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Experts question move to give CIA licence to kill US-born al-Awlaki
 
 
 
WASHINGTON - The Obama administrations decision to authorise CIA to kill American-born cleric Anwar al-Awlaki far from a combat zone, with no judicial process, has set off a debate among some legal authorities, The New York Times reported Friday.
To eavesdrop on Awlaki, who is accused of fomenting terrorist violence from Yemen, intelligence agencies would have to get a court warrant, the newspaper argued. But designating him for death, as CIA officials did early this year with the National Security Councils approval, required no judicial review, it noted.
Congress has protected Awlakis cellphone calls, Vicki Divoll, a former CIA lawyer who now teaches at the United States Naval Academy, was quoted as saying. But it has not provided any protections for his life. That makes no sense.
Administration officials take the view that no legal or constitutional rights can protect Awlaki, a charismatic preacher who has said it is a religious duty to attack the United States and who the CIA believes is actively plotting violence, The Times said. The attempted bombing of Times Square on May 1 is the latest of more than a dozen terrorist plots in the West that investigators believe were inspired in part by Awlakis sermons.
American citizenship doesnt give you carte blanche to wage war against your own country, said a counterterrorism official who discussed the classified programme on condition of anonymity. If you cast your lot with its enemies, you may well share their fate.
President Barack Obama, who campaigned for the presidency against George W Bush-era interrogation and detention practices, has implicitly invited moral and legal scrutiny of his own policies.
But like the debate over torture during the Bush administration, public discussion of what officials call targeted killing has been limited by the secrecy of the CIA drone programme, the dispatch said. Congressman John Tierney, who on April 28 held the first Congressional hearing focused on the lawfulness of targeted killing, said he was determined to air the contentious questions publicly and possibly seek legislation to govern such operations.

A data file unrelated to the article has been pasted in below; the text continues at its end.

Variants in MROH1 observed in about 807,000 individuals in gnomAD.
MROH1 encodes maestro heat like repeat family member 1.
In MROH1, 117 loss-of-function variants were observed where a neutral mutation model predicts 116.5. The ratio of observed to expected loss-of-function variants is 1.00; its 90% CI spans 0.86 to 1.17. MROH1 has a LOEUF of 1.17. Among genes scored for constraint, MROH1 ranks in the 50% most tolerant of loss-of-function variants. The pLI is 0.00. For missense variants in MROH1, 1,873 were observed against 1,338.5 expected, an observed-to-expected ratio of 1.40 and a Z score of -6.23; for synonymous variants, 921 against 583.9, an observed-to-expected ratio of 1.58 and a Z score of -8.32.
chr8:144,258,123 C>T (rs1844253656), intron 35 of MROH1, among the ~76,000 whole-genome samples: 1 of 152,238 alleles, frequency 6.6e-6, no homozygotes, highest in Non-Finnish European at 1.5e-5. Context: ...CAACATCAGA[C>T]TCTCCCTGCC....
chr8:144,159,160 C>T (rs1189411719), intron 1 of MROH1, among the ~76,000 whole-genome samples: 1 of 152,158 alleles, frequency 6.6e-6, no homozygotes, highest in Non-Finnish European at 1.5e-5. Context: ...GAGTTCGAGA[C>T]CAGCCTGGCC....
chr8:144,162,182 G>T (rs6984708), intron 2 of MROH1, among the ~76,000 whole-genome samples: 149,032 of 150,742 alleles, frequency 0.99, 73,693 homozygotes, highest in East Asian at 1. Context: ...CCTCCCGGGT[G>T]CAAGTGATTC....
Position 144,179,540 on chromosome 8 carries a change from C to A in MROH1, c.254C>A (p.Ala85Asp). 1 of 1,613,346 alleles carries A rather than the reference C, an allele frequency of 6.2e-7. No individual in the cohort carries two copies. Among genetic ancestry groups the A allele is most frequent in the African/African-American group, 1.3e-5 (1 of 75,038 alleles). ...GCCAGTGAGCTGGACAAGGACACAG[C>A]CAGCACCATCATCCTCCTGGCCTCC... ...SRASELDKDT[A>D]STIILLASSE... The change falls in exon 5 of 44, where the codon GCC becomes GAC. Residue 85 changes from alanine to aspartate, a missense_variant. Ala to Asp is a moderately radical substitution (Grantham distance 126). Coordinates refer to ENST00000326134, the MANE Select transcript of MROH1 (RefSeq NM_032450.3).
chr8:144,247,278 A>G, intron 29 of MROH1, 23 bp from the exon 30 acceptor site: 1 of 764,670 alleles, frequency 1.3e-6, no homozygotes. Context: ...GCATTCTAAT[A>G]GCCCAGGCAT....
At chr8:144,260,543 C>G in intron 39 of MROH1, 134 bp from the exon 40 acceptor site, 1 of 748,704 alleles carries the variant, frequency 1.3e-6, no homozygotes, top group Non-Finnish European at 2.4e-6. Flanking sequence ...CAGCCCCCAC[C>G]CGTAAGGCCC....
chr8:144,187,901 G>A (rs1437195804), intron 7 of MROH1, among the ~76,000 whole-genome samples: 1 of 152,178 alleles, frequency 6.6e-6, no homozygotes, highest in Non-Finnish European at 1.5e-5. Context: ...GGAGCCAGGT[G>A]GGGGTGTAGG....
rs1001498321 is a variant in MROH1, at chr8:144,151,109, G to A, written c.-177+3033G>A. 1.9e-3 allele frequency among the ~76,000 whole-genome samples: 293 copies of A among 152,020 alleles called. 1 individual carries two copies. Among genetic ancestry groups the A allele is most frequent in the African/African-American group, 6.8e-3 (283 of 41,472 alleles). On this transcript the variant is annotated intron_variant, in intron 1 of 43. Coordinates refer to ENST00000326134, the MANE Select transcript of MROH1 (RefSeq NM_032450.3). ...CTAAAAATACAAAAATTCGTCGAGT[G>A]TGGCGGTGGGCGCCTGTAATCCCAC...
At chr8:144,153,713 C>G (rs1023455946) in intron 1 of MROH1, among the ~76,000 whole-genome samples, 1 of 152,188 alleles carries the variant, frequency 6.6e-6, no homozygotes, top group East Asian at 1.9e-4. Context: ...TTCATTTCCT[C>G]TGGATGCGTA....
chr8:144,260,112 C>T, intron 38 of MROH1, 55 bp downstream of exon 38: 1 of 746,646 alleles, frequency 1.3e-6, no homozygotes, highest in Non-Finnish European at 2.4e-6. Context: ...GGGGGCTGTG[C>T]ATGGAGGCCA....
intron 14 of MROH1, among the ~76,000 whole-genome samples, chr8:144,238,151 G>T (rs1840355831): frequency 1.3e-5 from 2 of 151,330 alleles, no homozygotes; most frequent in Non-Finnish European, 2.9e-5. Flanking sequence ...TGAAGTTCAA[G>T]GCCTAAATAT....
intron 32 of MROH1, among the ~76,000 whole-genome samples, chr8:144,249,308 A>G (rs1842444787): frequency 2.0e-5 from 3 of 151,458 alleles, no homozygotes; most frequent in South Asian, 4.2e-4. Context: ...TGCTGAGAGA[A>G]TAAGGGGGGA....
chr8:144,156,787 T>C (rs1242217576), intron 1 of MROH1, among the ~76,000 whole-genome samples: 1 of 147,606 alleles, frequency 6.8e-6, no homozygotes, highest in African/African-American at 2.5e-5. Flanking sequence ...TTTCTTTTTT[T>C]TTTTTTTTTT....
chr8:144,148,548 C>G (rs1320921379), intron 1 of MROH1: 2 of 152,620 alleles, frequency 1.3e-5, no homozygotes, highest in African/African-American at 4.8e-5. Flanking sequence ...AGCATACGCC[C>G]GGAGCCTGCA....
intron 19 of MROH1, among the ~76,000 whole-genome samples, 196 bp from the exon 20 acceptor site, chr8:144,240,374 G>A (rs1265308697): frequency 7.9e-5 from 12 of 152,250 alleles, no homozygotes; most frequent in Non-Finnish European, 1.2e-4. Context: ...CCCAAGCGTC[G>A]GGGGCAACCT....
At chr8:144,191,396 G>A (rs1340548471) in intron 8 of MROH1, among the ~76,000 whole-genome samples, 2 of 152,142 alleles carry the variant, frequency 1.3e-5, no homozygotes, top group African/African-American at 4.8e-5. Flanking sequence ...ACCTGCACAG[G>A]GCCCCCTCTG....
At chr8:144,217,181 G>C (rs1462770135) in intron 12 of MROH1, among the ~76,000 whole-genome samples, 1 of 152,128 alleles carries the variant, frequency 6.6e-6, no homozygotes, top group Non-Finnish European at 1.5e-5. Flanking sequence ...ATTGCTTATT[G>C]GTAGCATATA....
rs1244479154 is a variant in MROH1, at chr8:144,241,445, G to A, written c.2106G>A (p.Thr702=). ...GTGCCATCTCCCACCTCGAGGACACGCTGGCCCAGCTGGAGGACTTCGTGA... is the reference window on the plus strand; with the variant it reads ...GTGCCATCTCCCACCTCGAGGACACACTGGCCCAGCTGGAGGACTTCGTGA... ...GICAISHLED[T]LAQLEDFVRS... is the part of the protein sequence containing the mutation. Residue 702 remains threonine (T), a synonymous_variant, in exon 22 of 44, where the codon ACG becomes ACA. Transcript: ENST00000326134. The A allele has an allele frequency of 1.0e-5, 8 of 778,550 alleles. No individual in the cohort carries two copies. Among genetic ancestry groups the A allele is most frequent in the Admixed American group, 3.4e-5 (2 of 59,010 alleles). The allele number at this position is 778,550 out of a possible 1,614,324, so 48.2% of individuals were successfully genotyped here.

The reported targeting of Awlaki certainly raises the question of what rights a citizen has and what steps must be taken before hes put on the list, said Tierney, Democrat of Massachusetts and chairman of a House subcommittee on national security.
Counterterrorism officials, with the support of Democrats and Republicans in Congress, say the drone missile strikes have proved to be an extraordinarily successful weapon against militants in the tribal areas of Pakistan, the location of all the known CIA strikes except one in Yemen in 2002. By their count, the missiles have killed more than 500 militants since 2008, and a few dozen nearby civilians.
In the fullest administration statement to date, Harold Koh, the State Departments legal adviser, said in a March 24 speech the drone strikes against Al Qaeda and its allies were lawful as part of the military action authorised by Congress after the September 11, 2001, attacks, as well as under the general principle of self-defence. By those rules, he said, such targeted killing was not assassination, which is banned by executive order.
But the disclosure last month by news organizations that Awlaki, 39, had been added to the CIA kill list shifted the terms of the legal debate in several ways. He is located far from hostilities in Afghanistan and Pakistan, where the perpetrators of 9/11 are believed to be hiding.
He is alleged to be affiliated with a Yemeni branch of Al Qaeda. Intelligence analysts believe that only recently he began to help plot strikes, including the failed attempt to bomb an airliner on Dec. 25.
But Vicki Divoll, the former CIA lawyer, said some judicial process should be required before the government kills an American away from a traditional battlefield. In addition, Divoll offered a practical argument for a review outside the executive branch: avoiding mistakes.
She noted media reports that CIA officers in 2004 seized a German citizen, Khaled el-Masri, and held him in Afghanistan for months before acknowledging that they had grabbed the wrong man. What if we had put him on the kill list? she asked. Another former CIA lawyer, John Radsan, said prior judicial review of additions to the target list might be unconstitutional.
That sort of review goes to the core of presidential power, he said. But Radsan, who teaches at the William Mitchell College of Law in St Paul, said every drone strike should be subject to rigorous internal checks to be sure beyond a reasonable doubt that the target is an enemy combatant.
As for the question of whether Awlaki is a legitimate target, Radsan said the cleric might not resemble an American fighting in a Nazi uniform. But if you imagine him making radio speeches for the Germans in World War II, theres certainly a parallel, he said.
Beyond the legal debate is the question of whether killing Awlaki would be a good idea. Many Muslim activists and scholars say it would accord him martyr status and amplify his violent message. Mohamed Elibiary, a Muslim community advocate in Texas who advises law enforcement on countering extremism, said helping the Yemeni authorities arrest Awlaki would make more sense. Im not saying this guy shouldnt be treated as an enemy, Elibiary said. But there are smarter and stupider ways of eliminating your enemy.
 
 
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